Journey to New Europa
Chapters 1 & 2, Searching for a home
We start our adventure in southern Faerie, in the settlement of Vinyagarond. This is the home of the New Blood, a clan of elves (mostly) founded in part by Daewen, late of the pantope crew. A lot of water has gone under a lot of bridges since the days of the pantope campaign. Daewen's highly extended family now lives in Faerie but Daewen feels that they need to find a land of their own. To this end, several members and friends of the New Blood mount an expedition into the Chaos Marches at the edge of Faerie, to look for new territory -- or possibly to make some, chaos being what it is.
The expeditionary party includes:
After several days' travel through the idyllic landscape of Faerie, we approach the Chaos Marches. They are visible as an iridescent bank of cloud and mist, shimmering as if through heat haze. As we approach, Tom and Mithriel take various kinds of survey readings, to measure the distortion of space-time.
Following a rumor picked up en route, we find a "peninsula" of relative order thrusting out from Faerie into the chaos. It lifts up into a rocky rill, with haze above and around it. Almost like a very rough road. Maybe that's what somebody had in mind.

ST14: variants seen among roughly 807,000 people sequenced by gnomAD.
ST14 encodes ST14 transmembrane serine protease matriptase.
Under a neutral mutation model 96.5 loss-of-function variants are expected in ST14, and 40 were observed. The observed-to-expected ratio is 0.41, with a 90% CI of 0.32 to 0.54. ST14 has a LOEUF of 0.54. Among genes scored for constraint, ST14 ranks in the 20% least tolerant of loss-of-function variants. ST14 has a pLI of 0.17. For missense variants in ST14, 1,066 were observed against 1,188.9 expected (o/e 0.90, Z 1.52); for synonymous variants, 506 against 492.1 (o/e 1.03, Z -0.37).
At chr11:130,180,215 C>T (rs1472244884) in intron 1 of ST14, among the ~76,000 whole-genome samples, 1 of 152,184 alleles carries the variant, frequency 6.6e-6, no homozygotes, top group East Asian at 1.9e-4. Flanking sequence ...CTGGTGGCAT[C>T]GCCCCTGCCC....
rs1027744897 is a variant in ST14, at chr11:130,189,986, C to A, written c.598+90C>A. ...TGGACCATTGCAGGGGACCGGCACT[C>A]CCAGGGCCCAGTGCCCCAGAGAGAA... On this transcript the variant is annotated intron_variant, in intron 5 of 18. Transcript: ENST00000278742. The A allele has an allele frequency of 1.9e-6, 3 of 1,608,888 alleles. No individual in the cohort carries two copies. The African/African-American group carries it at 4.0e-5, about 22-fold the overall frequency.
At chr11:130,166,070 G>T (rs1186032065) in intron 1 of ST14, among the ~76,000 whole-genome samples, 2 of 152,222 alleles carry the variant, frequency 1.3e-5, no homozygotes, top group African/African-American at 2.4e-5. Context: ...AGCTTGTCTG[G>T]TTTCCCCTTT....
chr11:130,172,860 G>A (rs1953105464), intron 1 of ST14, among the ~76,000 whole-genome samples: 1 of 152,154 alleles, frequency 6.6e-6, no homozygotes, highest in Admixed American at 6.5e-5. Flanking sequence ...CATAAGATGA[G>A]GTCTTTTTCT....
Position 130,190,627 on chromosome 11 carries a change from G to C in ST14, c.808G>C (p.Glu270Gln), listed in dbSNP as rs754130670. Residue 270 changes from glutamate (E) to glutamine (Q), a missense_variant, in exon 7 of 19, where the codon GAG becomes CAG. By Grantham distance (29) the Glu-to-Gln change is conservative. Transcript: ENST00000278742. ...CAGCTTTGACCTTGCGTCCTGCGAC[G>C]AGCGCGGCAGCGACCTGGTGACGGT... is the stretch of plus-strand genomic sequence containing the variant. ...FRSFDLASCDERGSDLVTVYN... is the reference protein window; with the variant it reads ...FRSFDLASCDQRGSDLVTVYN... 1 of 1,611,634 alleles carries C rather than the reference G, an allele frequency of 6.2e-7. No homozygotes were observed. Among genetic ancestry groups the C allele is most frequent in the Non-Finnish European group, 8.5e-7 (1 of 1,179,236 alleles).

Hiking down the rill, we find varying levels of chaos, but space-time is never really steady. The overcast gives no night and day. There is no horizon and no clue about distances off the rill. (Indeed, distances are not well-defined off the rill.) People have varying opinions about how much time has passed since, say, the last meal. The various timers and watches in Tom's equipage have different opinions, too.
Occasionally, there is a branching in the rill and we pause to explore. Sometimes, on the return journey, we find the geography or the distance different from the way it was on the trip out. We never find much beyond some scrubby vegetation.